Sense8 Season 1 Episode 4 Review: “What’s Going On”

Sense8 Season 1 Episode 4 Review: “What’s Going On”


There’s really one thing people will remember about “What’s Going On,” and possibly the entire first season of Sense8 as a whole: the climatic sequence of “What’s Going On,” when all the sensates become oddly compelled to sing the titular 4 Non Blondes song, which Amanita notes is “the perfect song to have a lobotomy to.” That montage is the heart of Sense8 – and more so, represents the show’s much-debated ideas about universality and how it builds bridges between different cultures through shared cliches. Without moving the narrative meter an inch, Sense8 delivers its most essential, entertaining hour yet, thanks to that final sequence, and a number of subtle, moving details that precede it.

In the wake of the action sequences from the last two episodes, it’s no surprise how stunted the high-tension moments of the episode are; save for Sun/Will’s shared experience at the night club, this hour is mostly a comedown from previous dramatic swings, which have existed to heavily hint at the connections being forged between the eight sensates since their “birth”. Wolfgang struggles to move his stolen rocks, so him and Felix hit the town for a night of partying; Capheus gets a job offer from a local gang; and Sun agrees to take the blame for her brother and help maintain the company’s legacy. In many ways, these stories are simply reinforcing simplistic cliches of previous episodes; the European thief, the Korean woman cut out of the family legacy, or the African entrepreneur being recruited in a gang; for all intents and purposes, these are the dramatic equivalents of the 4 Non Blondes song everybody ends up singing. It hits all the notes we’ve heard before, repeating lyrics and a chorus that are all-too-familiar for anyone who was born before 1994; like the stories Sense8 has presented in the first few hours, these decisions are littered by the tropes and cliches that we almost expect them to have.

Yet this final sequence represents something different, and much less egregious than a one-sided approach to depicting human universality; to me, that final sequence is a wildly sharp observation about the things that bring us together as a human race. Being filmed from an American perspective, it makes sense that this idea of connection would spring from American knowledge of pop culture; in 2015, it can be a great unifier, be it the video games we play with gamers from China and Japan, or celebrities that we all admire, no matter what background of life we come from (the ‘Van Damn’ bus is a great example of this). Is this an imperialistic view to hold of what makes the human experience universal? Sure, but given that Sense8 is essentially a piece of media explicitly trying to create those cultural unions, the notion more than makes sense – it takes on a certain philosophic power in that sequence, a philosophy furthered by Sense8‘s slow progression to move away from the cultural cliches and personifications that, while uncomfortably one-dimensional, are almost necessary to get American viewers to engage with these near-alien worlds that Sense8 is depicting.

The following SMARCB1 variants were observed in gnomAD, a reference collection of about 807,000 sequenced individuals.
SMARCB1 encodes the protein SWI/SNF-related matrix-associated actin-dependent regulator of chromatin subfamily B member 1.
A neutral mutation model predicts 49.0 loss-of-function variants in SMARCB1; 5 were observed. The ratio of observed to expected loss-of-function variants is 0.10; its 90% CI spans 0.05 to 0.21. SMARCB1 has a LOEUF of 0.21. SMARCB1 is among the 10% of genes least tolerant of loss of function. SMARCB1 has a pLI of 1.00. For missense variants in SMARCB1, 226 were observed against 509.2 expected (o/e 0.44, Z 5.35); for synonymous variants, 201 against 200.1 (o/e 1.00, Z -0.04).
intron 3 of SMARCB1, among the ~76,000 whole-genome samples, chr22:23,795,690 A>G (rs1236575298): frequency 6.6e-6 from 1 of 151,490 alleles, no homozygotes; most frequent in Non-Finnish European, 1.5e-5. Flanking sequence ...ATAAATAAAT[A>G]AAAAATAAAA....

It’s really Kala’s scene in this episode that reveals this, and not the unified karaoke; presented initially as an arraigned marriage story, Kala’s narrative continues to introduce nuance into her story. Her marriage isn’t actually arranged in the traditional sense, Kala doesn’t struggle with the intersection of faith and science, and her family doesn’t want to go along with the traditional six-hour wedding the company insists they have (in fact, shorter ceremonies cost more money); all of these notes combine to give a uniqueness to her story, complexities that couldn’t be squeezed into the first few hours of the show. Placed in this episode, it makes some of the Wachowski’s goals for the series a little more concrete, as they begin to move away from the troubling generalizations of characters and begin to add intricacy to the details of their lives.

There are plenty of other sequences in “What’s Going On,” but those two scenes are important framing devices for the show’s priorities and goals, ideas powerful and emotionally resonant enough to carry it through what appears to be a fairly uneventful episode (until the final five minutes, of course). While it doesn’t exactly solve the show’s myriad of flaws in any significant way, “What’s Going On” certainly reinforces the intriguing ideas and gives important visualization to the show’s goals and philosophies, in turn delivering the most satisfying episode yet – and with the Four Non Blondes sing-a-long, one of the best scenes on any show in 2015.

Other thoughts/observations:

– Felix: “Our existence depends on sheer implausibility.” Truer words have never been spoken.

– The Lito/Hernando/Daniela relationship is another great example of the show’s attempt to portray the symbiotic relationship between humans, when Daniela is able to diffuse a potential argument between the two.

– Will’s dad was “a legend” on the police force, because what is a police character without an unrealistic legacy to struggle with?

– Jorah: “You are no longer just you.”

– Ok, the whole story with Sun and her family is just weird right now. Maybe if Sun spoke up a bit more, we’d have a little more clarity on the family dynamics.

– Riley misses her father pretty badly… and she also vapes. Too bad nobody’s demeaning her for it, amiritie?

[Photo via Netflix]

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